- Last Updated: 10:49 AM, November 26, 2012
- Posted: 11:14 PM, November 25, 2012
THE OUTGOING TIDE
59E59 Theaters, 59 E. 59th St.; 212-279-4200. Through Dec. 16. Running time: 120 minutes, one intermission.
Like a mordantly funny variation on “On Golden Pond,” Bruce Graham’s new play “The Outgoing Tide” wrests a surprising amount of humor from its dark tale of a family patriarch with dementia.
It also boasts a first-rate cast, headed by television veterans Peter Strauss (“Rich Man, Poor Man”) and Michael Learned (“The Waltons”), along with Ian Lithgow, who looks and sounds uncannily like his father, John.
In this Delaware Theatre Company production, now playing 59E59, Strauss plays Gunner, the retired head of a trucking company who now spends his time fishing at his cottage on the Chesapeake Bay. But it’s clear, when he no longer recognizes his grown son Jack (Lithgow), he’s losing his mind . . . and losing it quickly.
Peg (Learned), Gunner’s long-suffering wife of 50 years, has scoped out a nearby assisted-living facility for her husband, and Jack agrees it’s the best course.
But Gunner will have none of it.
“It’s filled with people who are dying,” he complains. “Maybe if we painted clown faces on them . . . ”
He decides instead to take matters into his own hands, coming up with a dramatic plan that has the additional benefit of securing his family’s financial future as well.
The play beautifully blends pathos and humor in its tightly constructed tale that will no doubt hit close to home for many. Although Gunner’s scheme seems outlandish at first, his intense pride makes it all too credible, as when he reacts with horrified embarrassment when it’s pointed out to him that he’s forgotten to wear pants.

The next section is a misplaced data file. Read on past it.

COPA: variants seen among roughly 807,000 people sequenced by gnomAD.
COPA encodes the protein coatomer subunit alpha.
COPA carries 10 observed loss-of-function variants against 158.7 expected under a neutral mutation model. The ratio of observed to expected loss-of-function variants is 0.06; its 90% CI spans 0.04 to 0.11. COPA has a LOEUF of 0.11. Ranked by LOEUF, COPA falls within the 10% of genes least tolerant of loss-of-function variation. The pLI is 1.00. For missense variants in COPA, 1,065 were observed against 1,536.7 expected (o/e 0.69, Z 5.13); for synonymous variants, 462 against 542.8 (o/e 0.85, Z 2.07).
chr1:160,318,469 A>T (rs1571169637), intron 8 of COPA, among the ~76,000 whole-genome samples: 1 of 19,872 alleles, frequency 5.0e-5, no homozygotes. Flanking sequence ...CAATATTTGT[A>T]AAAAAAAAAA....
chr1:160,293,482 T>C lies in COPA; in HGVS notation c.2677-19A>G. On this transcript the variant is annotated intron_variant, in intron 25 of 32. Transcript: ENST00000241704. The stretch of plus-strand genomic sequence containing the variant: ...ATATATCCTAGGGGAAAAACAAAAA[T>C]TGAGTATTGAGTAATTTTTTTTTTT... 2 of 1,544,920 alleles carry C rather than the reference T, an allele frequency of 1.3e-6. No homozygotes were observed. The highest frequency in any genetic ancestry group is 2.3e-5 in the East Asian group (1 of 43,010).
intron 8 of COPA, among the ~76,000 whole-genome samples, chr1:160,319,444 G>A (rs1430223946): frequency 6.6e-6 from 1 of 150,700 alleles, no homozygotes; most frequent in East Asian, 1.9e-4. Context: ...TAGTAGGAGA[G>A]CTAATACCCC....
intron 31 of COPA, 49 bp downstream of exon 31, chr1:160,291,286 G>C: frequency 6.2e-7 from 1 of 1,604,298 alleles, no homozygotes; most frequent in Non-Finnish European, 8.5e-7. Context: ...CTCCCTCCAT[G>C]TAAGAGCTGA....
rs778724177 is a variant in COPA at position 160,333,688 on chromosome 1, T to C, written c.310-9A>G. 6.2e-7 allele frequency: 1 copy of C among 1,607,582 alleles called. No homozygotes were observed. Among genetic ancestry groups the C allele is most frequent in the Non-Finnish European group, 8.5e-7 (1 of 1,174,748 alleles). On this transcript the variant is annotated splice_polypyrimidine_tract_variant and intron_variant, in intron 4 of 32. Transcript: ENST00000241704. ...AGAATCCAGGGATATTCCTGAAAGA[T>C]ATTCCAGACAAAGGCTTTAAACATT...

“I don’t know how many good days I have left,” he tells his son. “Your mother’s at Walmart pricing diapers for me.”
Sensitively staged by Bud Martin, the play features a few too many awkward flashbacks in which Lithgow is forced to play Jack as a child — an unnecessary device, since the characters’ tense relationships are already so well-defined. But these are minor missteps in this astutely observed work.
Strauss is especially powerful as the crotchety father, superbly conveying Gunner’s complex mixture of strength and vulnerability, while Learned and Lithgow provide sterling support as the wife and son who find themselves helpless as the situation becomes increasingly dire.
Deeply moving and cathartically funny, “The Outgoing Tide” will lift your spirits even as it brings you to tears.